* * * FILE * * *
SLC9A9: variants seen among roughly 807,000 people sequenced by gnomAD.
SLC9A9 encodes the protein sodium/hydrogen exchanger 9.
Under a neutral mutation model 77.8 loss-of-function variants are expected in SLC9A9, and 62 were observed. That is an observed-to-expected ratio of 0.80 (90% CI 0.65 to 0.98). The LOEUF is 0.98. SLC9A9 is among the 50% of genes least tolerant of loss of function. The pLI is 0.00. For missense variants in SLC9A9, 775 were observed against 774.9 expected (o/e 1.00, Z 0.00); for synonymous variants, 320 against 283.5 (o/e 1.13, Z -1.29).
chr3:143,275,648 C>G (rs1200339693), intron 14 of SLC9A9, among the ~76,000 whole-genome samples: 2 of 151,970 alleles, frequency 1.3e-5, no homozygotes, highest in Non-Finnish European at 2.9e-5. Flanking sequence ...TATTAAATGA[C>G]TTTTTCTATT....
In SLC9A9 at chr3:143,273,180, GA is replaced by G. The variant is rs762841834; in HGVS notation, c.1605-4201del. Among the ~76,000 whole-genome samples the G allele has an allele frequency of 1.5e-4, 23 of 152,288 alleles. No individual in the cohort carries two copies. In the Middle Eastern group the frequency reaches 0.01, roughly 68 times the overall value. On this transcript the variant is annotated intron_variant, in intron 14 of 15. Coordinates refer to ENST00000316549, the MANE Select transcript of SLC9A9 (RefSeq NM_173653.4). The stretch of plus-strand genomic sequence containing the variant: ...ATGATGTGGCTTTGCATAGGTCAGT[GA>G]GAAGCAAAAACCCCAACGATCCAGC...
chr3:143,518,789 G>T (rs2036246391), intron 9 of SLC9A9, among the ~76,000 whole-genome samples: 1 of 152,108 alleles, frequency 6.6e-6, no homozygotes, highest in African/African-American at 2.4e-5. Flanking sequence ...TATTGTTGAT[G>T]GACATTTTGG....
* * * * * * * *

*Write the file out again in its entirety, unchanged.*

SLC9A9: variants seen among roughly 807,000 people sequenced by gnomAD.
SLC9A9 encodes the protein sodium/hydrogen exchanger 9.
Under a neutral mutation model 77.8 loss-of-function variants are expected in SLC9A9, and 62 were observed. That is an observed-to-expected ratio of 0.80 (90% CI 0.65 to 0.98). The LOEUF is 0.98. SLC9A9 is among the 50% of genes least tolerant of loss of function. The pLI is 0.00. For missense variants in SLC9A9, 775 were observed against 774.9 expected (o/e 1.00, Z 0.00); for synonymous variants, 320 against 283.5 (o/e 1.13, Z -1.29).
chr3:143,275,648 C>G (rs1200339693), intron 14 of SLC9A9, among the ~76,000 whole-genome samples: 2 of 151,970 alleles, frequency 1.3e-5, no homozygotes, highest in Non-Finnish European at 2.9e-5. Flanking sequence ...TATTAAATGA[C>G]TTTTTCTATT....
In SLC9A9 at chr3:143,273,180, GA is replaced by G. The variant is rs762841834; in HGVS notation, c.1605-4201del. Among the ~76,000 whole-genome samples the G allele has an allele frequency of 1.5e-4, 23 of 152,288 alleles. No individual in the cohort carries two copies. In the Middle Eastern group the frequency reaches 0.01, roughly 68 times the overall value. On this transcript the variant is annotated intron_variant, in intron 14 of 15. Coordinates refer to ENST00000316549, the MANE Select transcript of SLC9A9 (RefSeq NM_173653.4). The stretch of plus-strand genomic sequence containing the variant: ...ATGATGTGGCTTTGCATAGGTCAGT[GA>G]GAAGCAAAAACCCCAACGATCCAGC...
chr3:143,518,789 G>T (rs2036246391), intron 9 of SLC9A9, among the ~76,000 whole-genome samples: 1 of 152,108 alleles, frequency 6.6e-6, no homozygotes, highest in African/African-American at 2.4e-5. Flanking sequence ...TATTGTTGAT[G>T]GACATTTTGG....